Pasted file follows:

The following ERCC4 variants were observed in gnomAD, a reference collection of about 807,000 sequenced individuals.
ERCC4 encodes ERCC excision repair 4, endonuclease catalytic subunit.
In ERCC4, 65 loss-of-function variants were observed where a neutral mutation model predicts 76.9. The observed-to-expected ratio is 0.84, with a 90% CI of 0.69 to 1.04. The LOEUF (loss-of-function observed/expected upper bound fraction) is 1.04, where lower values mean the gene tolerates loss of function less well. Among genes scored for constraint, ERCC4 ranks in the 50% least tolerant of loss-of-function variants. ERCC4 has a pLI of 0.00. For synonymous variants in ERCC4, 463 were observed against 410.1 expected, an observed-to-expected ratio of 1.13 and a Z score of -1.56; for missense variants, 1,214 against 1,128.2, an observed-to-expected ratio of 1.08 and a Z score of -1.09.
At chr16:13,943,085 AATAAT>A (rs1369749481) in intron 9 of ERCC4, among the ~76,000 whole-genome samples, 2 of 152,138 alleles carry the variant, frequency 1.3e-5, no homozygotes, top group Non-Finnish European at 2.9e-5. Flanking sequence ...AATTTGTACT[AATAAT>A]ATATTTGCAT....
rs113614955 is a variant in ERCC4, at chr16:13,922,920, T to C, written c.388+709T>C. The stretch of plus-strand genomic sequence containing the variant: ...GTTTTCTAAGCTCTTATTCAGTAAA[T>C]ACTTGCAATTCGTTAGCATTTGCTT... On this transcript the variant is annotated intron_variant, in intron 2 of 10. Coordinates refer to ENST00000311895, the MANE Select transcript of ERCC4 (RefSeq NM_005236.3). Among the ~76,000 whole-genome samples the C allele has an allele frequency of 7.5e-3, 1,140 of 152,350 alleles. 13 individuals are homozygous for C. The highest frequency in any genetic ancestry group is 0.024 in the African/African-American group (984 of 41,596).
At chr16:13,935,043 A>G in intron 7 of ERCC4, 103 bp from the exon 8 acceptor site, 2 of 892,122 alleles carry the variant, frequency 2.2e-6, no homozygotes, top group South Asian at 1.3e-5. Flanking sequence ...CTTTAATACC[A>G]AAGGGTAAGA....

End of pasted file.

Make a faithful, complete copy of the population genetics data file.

The following ERCC4 variants were observed in gnomAD, a reference collection of about 807,000 sequenced individuals.
ERCC4 encodes ERCC excision repair 4, endonuclease catalytic subunit.
In ERCC4, 65 loss-of-function variants were observed where a neutral mutation model predicts 76.9. The observed-to-expected ratio is 0.84, with a 90% CI of 0.69 to 1.04. The LOEUF (loss-of-function observed/expected upper bound fraction) is 1.04, where lower values mean the gene tolerates loss of function less well. Among genes scored for constraint, ERCC4 ranks in the 50% least tolerant of loss-of-function variants. ERCC4 has a pLI of 0.00. For synonymous variants in ERCC4, 463 were observed against 410.1 expected, an observed-to-expected ratio of 1.13 and a Z score of -1.56; for missense variants, 1,214 against 1,128.2, an observed-to-expected ratio of 1.08 and a Z score of -1.09.
At chr16:13,943,085 AATAAT>A (rs1369749481) in intron 9 of ERCC4, among the ~76,000 whole-genome samples, 2 of 152,138 alleles carry the variant, frequency 1.3e-5, no homozygotes, top group Non-Finnish European at 2.9e-5. Flanking sequence ...AATTTGTACT[AATAAT>A]ATATTTGCAT....
rs113614955 is a variant in ERCC4, at chr16:13,922,920, T to C, written c.388+709T>C. The stretch of plus-strand genomic sequence containing the variant: ...GTTTTCTAAGCTCTTATTCAGTAAA[T>C]ACTTGCAATTCGTTAGCATTTGCTT... On this transcript the variant is annotated intron_variant, in intron 2 of 10. Coordinates refer to ENST00000311895, the MANE Select transcript of ERCC4 (RefSeq NM_005236.3). Among the ~76,000 whole-genome samples the C allele has an allele frequency of 7.5e-3, 1,140 of 152,350 alleles. 13 individuals are homozygous for C. The highest frequency in any genetic ancestry group is 0.024 in the African/African-American group (984 of 41,596).
At chr16:13,935,043 A>G in intron 7 of ERCC4, 103 bp from the exon 8 acceptor site, 2 of 892,122 alleles carry the variant, frequency 2.2e-6, no homozygotes, top group South Asian at 1.3e-5. Flanking sequence ...CTTTAATACC[A>G]AAGGGTAAGA....